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Small Giants: Give or Grow

August 15, 2007
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Which would you like to focus on? If you wonder why churches don’t focus on their community it may be because their focus is on growth. A point that Small Giants makes is that publicly traded companies have one responsibility and one alone, growth.

“The social responsibility of a corporation is to increase its profits, as Milton Friedman once observed, and its resources ought not be diverted to ancillary purposes.”

This is the mindset contrasted in the book. Publicly traded companies have to focus on growth. Now what happens when churches focus on growth? Do they end up thinking the same? If the focus is on growth then the resources will be allotted accordingly. What do you think? Think about what resources people discuss and what they want to do with them. Are they done to attract more people? To keep those you have? Is that because of growth?

You see one reason the small giants stay private is to insure they can do whatever they want with their resources. Zingerman’s, a conglomerate of food business in Ann Arbor, Michigan, gives away excess food to area non-profits. Anchor Brewing matches donations to non-profits 2 for 1.

Each company in Small Giants does a lot for their communities because they can. Since their focus is not on growth they have freedom to use their resources for the community.

What do you think? Is one of the reasons churches are not more involved in their community because of a focus on growth? Should it surprise us that most churches focus on programs for their people, we have to keep and attract more, instead of on making a difference in the community?

If you are in a large church I would love to hear your thoughts on this. If you are at a small one how would this change your focus, are you trying to get more to attract more? How could this encourage your focus?

I would love to hear your thoughts.

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3 Comments leave one →
  1. August 16, 2007 10:15 am

    Darin,

    I’m at a small church that’s tried the growth model for about 50 years. What I’m trying to do is shift the focus away from growth as “the end,” over to being sent on mission into the city just as Jesus was sent into the world. That means that we want to bless people and find those areas that need someone to shoulder the pain of sin. It’s hard to do this with 100 people so we’re forming missional communities, small groups sent out on mission. I believe if we’ll shine the light of Jesus we’ll hear stories from the hurting and find an open door to tell God’s story. I believe the light (which includes demonstrating the kingdom and announcing the kingdom) will draw people into God’s family. The focus is serving not growing. We’ll water and let God worry about giving the increase in His own time.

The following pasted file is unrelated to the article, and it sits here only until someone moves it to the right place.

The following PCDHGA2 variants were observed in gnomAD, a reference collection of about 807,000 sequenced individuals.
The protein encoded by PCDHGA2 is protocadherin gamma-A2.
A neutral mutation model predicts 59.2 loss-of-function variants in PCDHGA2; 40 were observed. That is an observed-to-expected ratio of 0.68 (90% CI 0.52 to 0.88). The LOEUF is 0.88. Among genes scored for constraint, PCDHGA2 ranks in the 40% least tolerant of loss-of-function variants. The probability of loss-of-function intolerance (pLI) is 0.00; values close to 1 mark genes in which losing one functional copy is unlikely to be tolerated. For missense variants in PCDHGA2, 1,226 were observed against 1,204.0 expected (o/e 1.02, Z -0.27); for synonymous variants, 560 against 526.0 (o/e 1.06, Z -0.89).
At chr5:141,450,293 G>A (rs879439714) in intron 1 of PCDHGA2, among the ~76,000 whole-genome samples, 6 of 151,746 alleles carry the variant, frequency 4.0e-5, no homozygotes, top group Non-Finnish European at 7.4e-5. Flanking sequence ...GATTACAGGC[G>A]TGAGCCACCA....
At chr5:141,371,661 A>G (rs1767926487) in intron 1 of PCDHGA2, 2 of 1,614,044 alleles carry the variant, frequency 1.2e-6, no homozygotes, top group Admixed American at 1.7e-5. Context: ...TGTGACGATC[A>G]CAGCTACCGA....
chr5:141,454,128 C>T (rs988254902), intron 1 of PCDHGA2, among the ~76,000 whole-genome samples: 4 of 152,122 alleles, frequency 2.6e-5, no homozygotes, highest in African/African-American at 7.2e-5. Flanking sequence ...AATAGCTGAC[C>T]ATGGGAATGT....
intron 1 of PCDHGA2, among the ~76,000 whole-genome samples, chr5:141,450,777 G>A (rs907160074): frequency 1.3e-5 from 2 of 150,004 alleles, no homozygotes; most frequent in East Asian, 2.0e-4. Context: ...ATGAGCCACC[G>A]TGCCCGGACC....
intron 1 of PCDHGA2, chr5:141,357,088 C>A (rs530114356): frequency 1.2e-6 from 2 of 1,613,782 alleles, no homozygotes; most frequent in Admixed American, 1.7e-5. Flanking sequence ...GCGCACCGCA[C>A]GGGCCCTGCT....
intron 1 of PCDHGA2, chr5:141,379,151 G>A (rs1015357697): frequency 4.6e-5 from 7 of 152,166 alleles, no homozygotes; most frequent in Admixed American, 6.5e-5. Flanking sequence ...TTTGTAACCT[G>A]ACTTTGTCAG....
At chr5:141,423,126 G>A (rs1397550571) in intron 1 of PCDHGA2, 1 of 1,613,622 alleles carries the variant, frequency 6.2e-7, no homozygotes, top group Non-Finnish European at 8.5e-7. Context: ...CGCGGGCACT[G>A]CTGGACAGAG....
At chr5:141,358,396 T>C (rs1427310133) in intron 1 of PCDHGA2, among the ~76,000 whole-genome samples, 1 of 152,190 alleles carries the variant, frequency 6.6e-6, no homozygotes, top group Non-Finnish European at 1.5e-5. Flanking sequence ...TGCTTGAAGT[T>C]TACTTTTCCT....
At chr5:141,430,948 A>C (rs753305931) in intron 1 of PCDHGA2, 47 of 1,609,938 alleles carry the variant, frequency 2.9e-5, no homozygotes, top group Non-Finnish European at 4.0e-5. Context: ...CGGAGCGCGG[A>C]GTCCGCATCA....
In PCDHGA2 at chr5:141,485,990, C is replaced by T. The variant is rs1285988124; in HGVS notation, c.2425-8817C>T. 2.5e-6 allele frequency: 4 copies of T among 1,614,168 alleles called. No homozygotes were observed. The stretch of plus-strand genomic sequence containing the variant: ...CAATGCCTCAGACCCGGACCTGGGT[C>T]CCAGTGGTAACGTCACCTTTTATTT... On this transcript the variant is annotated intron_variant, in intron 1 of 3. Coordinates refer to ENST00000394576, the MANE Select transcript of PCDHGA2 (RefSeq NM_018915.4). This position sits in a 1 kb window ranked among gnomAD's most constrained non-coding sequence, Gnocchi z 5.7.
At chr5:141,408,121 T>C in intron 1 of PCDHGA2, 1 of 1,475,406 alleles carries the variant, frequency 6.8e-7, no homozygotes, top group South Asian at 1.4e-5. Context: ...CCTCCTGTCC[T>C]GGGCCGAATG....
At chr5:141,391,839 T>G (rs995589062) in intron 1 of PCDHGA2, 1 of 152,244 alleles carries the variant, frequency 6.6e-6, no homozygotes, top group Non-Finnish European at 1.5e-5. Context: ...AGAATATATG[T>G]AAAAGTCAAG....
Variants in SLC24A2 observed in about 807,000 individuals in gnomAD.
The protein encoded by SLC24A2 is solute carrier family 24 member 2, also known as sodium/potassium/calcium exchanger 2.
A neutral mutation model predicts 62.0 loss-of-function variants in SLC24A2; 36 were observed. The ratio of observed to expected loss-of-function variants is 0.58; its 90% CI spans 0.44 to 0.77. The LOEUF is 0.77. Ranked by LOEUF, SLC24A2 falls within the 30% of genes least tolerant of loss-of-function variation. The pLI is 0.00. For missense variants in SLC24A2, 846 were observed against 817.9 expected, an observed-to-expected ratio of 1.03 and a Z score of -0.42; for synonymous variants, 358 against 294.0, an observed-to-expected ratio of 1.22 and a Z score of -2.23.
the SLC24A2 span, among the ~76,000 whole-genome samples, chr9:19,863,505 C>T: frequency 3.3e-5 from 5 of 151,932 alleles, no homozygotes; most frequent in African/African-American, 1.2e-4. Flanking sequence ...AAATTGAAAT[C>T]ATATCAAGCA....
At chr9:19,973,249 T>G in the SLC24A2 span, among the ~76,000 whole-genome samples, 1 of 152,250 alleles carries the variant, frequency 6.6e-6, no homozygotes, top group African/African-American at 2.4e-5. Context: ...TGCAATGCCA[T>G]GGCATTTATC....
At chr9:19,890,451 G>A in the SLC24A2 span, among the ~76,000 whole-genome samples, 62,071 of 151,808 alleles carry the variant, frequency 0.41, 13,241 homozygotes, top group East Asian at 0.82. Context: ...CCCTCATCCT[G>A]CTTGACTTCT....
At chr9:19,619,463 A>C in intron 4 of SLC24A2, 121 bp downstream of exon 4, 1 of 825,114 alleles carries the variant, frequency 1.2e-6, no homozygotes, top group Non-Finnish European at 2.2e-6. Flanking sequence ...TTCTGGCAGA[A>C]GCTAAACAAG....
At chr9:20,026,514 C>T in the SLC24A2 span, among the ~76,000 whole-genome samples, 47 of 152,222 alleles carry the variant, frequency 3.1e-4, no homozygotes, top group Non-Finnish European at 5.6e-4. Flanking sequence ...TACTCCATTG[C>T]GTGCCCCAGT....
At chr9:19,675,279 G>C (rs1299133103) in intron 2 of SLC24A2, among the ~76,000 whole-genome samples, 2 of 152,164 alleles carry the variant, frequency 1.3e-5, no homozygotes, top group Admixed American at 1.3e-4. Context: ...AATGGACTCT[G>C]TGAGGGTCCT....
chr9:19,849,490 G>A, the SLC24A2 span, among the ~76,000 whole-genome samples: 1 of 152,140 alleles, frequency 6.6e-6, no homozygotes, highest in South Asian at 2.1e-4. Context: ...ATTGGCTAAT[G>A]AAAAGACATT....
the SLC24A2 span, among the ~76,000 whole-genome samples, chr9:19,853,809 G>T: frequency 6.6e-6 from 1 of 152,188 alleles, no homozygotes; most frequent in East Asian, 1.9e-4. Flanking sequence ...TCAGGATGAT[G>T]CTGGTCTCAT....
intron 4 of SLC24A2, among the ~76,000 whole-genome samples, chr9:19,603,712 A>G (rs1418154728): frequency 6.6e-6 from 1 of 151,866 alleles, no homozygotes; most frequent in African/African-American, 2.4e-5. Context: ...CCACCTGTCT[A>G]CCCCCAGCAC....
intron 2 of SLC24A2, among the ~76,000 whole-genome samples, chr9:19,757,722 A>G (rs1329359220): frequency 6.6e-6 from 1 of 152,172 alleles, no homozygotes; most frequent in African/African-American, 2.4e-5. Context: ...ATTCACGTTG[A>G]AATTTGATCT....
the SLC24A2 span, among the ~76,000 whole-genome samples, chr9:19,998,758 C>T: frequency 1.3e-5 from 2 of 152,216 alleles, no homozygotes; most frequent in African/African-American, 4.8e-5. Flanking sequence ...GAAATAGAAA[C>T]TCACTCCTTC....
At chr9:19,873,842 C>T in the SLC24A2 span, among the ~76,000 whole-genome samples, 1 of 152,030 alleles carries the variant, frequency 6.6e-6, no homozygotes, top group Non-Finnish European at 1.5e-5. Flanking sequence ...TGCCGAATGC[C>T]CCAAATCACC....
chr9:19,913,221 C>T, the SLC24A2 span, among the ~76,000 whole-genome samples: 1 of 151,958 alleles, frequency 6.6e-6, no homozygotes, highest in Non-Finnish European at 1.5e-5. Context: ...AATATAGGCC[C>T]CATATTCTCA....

2. August 16, 2007 4:16 pm

    I can’t wait to hear how this goes.

    What has the response been?

  3. benoverby permalink
    August 16, 2007 5:43 pm

    So far all the response has been positive. We’re a few months away from getting into a rhythm. But one of our groups is going to feed the families in the local Ronald McDonal House this Saturday. Friday night we’re taking our worship to the beach (Lake Ontario). Teens and some adults will gather, play for a while, and then we’re going to praise God for about an hour. We pray that someone will be blessed or touched or pulled toward Jesus.

    These are the sorts of things that weren’t on the radar just a few months ago. The groups that are forming later in the year are already kicking around ideas that have to do with consistently shouldering the pain of the city. E.g., one group might take on children/adult illiteracy by voluteering (weekly) with local groups. Or, we might start looking at ways to protect the unborn by offering some sort of pregnancy crisis counseling. Or, …. you name it. Our city is hurting in a zillion ways. The possibilities are endless. By loving and serving we’ll hear the tales that will open the door to our story–that is, the story of our King.

    We have much to do and require loads of grace from God.

    Ben

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